The second problem is even more profound, in that the underlying premise is false. That is, were one to listen to samples of the [k] vs. [kʰ] contrast across languages, one could never in principle get the correct answer by listening to any individual sound. Navaho unaspirated [k] is about comparable to Thai aspirated [kʰ] (both languages have a contrast between aspirated and unaspirated). This is especially clear in dealing with vowel height, where the "ɪ" of one language is the "e" of the next language. There are general phonetic ballparks, where a glottalized stop will have a certain range of known variation (and surely some additional unknown variation), but the idea that there is a single phonetic representation of a particular IPA symbol is clearly false. So to ask a listener to make an absolute identification of a particular sound is a conceptual mistake. What could be useful would be a comparative judgment of similarity between two sounds.

Substantial though still insufficient raw materials are available via the UCLA phonetics archive. A second possible resource is the Journal of the IPA, via their sketches, which nowadays tend to include online speech samples. Eventually, the materials will be available, and then what remains to be done is better defining what needs to be done with these samples, in order to better grasp the similarities and differences of phonetic segments across languages.


However... in light of the comment about expert performances, you can in fact get performances by Peter Ladefoged here, performing IPA symbols. These are not sounds of a specific language, rather they are reference sounds which may or may not match some actual language. You can also get productions of cardinal vowels by Jones here, and side-by-side recordings of Ladefoged, House and Wells performing vowels. The latter is informative in that it reveals variation within the community of well-known experts.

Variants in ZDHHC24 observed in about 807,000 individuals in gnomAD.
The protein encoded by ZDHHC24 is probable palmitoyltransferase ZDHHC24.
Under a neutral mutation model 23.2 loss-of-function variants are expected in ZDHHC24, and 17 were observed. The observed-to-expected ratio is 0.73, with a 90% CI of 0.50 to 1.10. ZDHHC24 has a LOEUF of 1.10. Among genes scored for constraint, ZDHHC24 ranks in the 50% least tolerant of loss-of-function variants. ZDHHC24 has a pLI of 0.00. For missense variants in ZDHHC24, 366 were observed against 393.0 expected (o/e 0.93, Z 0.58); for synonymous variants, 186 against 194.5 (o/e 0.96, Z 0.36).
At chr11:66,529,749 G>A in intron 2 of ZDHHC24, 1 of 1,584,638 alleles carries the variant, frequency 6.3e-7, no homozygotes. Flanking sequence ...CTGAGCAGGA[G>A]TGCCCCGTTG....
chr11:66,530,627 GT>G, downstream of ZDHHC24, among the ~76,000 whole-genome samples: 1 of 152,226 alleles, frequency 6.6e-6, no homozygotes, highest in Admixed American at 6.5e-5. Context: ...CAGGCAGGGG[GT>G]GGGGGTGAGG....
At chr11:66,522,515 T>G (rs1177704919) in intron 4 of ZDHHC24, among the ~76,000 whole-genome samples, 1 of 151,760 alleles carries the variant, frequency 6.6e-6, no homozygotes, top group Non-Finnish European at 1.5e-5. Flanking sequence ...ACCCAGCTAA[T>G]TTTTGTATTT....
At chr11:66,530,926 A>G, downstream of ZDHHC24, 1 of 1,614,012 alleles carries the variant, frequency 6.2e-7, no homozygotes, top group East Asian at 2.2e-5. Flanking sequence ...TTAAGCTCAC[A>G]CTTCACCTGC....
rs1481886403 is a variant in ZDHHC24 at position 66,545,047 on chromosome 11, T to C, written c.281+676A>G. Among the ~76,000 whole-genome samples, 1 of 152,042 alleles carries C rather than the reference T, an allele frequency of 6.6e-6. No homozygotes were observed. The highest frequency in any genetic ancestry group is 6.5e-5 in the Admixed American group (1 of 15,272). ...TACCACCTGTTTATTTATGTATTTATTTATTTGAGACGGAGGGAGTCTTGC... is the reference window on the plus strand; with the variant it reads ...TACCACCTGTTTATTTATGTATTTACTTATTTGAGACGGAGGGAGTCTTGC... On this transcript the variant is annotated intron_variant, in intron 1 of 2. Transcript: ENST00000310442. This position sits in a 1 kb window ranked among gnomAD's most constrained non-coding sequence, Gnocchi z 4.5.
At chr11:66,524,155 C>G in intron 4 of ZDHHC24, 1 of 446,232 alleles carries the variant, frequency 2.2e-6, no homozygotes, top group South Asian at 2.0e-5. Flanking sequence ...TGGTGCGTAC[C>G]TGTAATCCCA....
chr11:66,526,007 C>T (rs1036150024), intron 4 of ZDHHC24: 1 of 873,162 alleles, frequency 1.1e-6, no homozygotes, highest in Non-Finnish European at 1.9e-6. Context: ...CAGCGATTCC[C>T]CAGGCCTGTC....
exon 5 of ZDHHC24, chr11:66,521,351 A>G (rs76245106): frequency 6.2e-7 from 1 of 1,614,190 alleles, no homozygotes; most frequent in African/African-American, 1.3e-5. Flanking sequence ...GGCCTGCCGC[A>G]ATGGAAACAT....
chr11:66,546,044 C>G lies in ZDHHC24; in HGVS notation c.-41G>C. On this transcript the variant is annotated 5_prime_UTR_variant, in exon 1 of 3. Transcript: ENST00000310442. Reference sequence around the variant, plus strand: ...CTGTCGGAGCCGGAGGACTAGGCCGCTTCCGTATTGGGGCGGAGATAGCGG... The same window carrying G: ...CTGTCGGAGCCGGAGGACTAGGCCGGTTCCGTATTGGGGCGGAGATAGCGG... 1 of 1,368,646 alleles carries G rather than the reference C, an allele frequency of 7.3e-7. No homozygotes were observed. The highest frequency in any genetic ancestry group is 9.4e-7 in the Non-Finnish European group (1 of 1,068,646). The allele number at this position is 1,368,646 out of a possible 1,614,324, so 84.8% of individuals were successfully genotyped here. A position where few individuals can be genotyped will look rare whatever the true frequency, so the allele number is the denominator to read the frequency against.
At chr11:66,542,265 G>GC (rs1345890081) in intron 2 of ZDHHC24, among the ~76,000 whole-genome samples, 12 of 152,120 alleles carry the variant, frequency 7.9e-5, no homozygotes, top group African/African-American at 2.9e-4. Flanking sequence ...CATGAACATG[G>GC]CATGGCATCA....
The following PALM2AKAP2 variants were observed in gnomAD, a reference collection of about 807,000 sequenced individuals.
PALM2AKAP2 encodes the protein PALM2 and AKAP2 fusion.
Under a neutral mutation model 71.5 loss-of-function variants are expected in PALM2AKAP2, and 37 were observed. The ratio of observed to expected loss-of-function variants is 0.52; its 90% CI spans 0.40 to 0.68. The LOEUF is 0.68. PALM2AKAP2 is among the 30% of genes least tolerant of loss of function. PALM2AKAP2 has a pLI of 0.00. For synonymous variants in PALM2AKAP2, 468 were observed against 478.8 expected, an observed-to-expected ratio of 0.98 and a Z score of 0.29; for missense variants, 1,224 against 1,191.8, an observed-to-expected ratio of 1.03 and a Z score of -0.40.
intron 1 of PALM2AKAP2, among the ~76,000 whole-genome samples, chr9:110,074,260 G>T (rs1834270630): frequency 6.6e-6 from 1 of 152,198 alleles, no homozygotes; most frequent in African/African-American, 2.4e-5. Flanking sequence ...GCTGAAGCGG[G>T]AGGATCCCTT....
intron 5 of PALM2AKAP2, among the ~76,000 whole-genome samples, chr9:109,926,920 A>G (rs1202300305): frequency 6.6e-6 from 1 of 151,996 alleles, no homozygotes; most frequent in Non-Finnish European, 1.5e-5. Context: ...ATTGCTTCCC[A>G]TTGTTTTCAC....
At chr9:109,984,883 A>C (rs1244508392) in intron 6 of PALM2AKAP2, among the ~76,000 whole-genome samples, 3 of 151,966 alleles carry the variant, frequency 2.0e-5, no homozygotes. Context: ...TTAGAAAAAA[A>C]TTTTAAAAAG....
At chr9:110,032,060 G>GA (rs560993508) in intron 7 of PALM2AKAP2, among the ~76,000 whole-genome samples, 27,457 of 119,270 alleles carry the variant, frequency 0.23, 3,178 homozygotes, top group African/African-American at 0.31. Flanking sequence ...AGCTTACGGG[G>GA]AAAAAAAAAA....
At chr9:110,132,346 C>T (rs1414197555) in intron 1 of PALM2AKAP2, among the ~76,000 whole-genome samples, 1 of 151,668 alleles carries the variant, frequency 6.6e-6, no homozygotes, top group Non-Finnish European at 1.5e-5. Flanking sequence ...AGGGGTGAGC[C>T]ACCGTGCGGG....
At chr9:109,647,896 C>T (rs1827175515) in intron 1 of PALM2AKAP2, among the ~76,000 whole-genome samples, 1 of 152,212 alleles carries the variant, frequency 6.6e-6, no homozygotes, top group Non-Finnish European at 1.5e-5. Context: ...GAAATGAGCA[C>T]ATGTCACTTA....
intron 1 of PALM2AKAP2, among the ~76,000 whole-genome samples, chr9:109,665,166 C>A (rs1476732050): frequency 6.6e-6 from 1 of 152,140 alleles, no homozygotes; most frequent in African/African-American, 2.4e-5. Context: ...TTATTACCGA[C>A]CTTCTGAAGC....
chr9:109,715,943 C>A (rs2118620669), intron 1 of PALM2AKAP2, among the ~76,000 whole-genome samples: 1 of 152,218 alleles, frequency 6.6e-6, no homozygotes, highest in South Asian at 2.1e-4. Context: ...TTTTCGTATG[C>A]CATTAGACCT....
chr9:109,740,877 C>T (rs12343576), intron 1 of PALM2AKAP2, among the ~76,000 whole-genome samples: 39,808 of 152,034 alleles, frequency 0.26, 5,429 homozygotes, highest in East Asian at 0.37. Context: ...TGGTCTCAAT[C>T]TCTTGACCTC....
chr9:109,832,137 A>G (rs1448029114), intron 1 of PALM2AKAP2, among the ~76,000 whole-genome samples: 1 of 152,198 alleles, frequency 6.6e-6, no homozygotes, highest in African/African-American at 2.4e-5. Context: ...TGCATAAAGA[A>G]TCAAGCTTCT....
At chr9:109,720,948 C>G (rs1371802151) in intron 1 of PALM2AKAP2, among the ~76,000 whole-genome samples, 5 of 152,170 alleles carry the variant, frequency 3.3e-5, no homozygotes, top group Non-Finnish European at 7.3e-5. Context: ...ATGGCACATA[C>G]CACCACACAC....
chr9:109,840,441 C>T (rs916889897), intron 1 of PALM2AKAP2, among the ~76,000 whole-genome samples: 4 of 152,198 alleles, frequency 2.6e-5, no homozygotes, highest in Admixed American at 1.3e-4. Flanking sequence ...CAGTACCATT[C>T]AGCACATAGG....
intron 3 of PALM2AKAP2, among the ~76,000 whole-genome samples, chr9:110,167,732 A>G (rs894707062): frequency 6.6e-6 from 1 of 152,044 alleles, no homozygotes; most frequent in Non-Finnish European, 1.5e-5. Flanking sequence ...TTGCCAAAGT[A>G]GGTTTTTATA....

• I couldn't agree more.In addition, even if we compare, say, the VOT of two sounds both of which can be considered aspirated, in order to get a cross-linguistically meaningful result, we always need to carry out some sort of normalization procedures to account for such factors as different speech tempos and various elicitation circumstances (which is basically the same as what @user6726 mentions in their answer [btw: is my usage of their as the general, gender-neutral pronoun correct? :-)]). Aug 25, 2015 at 8:49
  • Now that you have said it explicitly, the comparative judgment is more along the lines of what I was looking for. It would be more helpful (in addition to not being intrinsically impossible) to have "which of these stops is more aspirated" or "which of these vowels is higher". Thank you for making that point more clearly than I did.
    – Zach
    Aug 26, 2015 at 6:03
  • What I had in mind, rather than archives of natural speech, was a collection of sounds performed by someone (or a group of people) trained in speech production. This person could record many different sounds, and record for each where it falls on the "spectrum" of that particular sound. I am looking for something that I could see a phonetics instructor throwing together for the students, or even assigning as a project. If it were crowdsourced (within a trusted community), then the collection of available sounds would grow quickly without much work from any individual.
    – Zach
    Aug 26, 2015 at 6:09
  • The links provided in the edit are definitely a step in the right direction. I would of course like to see versions with more sounds and smaller distinctions, but I understand that this is less likely to already exist.
    – Zach
    Aug 26, 2015 at 20:08